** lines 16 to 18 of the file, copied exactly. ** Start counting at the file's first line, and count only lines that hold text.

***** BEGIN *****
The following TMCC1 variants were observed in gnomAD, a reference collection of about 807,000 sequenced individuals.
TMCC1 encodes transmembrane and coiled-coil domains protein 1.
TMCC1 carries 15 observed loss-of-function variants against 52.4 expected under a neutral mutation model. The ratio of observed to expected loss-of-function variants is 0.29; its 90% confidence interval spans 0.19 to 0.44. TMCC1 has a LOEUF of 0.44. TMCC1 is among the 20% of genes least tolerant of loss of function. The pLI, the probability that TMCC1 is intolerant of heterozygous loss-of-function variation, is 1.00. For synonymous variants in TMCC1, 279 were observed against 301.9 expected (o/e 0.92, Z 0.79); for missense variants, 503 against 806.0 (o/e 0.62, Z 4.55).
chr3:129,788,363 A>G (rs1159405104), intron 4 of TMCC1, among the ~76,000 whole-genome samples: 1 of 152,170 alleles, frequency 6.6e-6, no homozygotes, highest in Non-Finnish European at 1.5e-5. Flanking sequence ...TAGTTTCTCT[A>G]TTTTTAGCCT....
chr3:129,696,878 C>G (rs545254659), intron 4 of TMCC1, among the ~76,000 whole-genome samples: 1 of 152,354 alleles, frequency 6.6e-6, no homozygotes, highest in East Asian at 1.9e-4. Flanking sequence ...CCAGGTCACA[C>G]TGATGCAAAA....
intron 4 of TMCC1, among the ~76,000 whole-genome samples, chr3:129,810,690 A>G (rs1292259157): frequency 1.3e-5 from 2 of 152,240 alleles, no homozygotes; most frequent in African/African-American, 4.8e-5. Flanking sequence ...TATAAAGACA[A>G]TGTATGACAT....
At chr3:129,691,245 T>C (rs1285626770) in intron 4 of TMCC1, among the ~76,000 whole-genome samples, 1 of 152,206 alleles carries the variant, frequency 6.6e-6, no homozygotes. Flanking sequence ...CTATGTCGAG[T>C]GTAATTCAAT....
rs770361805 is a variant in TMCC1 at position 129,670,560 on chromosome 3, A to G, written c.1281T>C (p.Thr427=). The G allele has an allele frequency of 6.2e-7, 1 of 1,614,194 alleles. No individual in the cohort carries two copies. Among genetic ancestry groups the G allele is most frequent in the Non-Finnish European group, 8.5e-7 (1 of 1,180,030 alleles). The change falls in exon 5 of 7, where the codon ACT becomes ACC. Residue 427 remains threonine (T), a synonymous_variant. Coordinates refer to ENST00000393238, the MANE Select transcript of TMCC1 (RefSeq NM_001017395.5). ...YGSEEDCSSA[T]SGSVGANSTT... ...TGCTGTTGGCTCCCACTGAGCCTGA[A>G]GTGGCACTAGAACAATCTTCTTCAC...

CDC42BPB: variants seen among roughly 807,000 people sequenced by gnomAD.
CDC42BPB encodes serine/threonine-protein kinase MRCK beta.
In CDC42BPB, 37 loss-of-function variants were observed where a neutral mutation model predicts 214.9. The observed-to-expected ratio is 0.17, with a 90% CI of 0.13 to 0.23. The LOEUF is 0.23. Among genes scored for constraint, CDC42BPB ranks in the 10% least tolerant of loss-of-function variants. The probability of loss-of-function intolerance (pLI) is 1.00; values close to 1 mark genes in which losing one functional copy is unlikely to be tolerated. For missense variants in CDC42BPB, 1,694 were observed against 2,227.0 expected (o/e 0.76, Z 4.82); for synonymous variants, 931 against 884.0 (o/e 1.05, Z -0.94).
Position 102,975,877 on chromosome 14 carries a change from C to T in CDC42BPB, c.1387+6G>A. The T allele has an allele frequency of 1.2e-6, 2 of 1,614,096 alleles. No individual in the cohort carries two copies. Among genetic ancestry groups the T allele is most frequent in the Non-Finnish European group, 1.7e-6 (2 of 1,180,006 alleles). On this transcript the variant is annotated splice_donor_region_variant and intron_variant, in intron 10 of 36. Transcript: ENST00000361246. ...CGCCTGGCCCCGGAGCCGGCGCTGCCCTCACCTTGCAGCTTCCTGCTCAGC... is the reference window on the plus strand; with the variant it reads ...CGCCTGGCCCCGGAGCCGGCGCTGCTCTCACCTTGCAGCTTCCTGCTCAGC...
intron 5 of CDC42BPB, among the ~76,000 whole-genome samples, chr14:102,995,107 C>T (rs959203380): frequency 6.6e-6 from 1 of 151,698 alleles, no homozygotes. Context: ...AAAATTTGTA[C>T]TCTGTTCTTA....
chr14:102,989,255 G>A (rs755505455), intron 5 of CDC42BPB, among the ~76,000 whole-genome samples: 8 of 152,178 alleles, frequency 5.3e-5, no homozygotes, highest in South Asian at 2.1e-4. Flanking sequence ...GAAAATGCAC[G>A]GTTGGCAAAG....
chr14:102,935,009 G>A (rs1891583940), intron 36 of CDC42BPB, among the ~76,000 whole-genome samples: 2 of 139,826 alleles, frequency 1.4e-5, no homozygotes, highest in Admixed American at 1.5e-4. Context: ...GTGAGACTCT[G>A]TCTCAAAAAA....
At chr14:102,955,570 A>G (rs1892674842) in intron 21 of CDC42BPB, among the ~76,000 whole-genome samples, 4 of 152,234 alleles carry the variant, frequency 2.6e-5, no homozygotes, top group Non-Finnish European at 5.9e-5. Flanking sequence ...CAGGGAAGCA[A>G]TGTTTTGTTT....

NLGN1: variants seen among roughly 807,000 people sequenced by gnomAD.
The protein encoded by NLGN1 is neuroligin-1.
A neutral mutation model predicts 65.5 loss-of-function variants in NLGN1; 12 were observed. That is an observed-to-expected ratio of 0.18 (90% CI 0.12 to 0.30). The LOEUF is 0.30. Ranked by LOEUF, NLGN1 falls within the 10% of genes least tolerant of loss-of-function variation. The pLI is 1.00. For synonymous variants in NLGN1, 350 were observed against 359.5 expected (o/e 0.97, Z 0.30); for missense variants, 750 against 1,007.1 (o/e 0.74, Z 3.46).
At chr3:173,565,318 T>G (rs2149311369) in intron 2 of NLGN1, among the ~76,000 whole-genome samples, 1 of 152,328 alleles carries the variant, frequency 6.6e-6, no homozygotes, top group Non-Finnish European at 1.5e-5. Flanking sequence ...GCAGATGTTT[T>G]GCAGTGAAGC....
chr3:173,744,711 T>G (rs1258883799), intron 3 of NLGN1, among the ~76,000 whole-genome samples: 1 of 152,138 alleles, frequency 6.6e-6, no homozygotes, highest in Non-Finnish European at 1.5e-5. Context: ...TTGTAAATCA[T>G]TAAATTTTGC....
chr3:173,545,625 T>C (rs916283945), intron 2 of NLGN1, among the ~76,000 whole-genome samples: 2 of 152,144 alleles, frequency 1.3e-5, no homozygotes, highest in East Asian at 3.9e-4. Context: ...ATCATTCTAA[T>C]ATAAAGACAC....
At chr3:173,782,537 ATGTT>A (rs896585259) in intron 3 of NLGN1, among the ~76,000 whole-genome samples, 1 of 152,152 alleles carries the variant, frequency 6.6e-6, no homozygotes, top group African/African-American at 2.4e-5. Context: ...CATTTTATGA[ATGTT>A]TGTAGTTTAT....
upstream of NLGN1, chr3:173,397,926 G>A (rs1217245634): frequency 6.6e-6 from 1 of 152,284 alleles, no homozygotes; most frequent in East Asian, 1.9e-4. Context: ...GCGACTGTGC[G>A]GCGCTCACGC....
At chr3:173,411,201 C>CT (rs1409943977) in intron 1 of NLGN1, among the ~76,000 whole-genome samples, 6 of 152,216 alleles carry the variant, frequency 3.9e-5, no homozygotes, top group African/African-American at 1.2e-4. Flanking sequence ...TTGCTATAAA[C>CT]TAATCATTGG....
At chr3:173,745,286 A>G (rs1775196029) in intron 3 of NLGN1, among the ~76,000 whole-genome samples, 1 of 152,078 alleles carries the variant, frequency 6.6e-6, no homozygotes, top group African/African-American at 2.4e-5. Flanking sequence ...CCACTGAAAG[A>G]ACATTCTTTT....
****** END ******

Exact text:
At chr14:102,955,570 A>G (rs1892674842) in intron 21 of CDC42BPB, among the ~76,000 whole-genome samples, 4 of 152,234 alleles carry the variant, frequency 2.6e-5, no homozygotes, top group Non-Finnish European at 5.9e-5. Flanking sequence ...CAGGGAAGCA[A>G]TGTTTTGTTT....

NLGN1: variants seen among roughly 807,000 people sequenced by gnomAD.
The protein encoded by NLGN1 is neuroligin-1.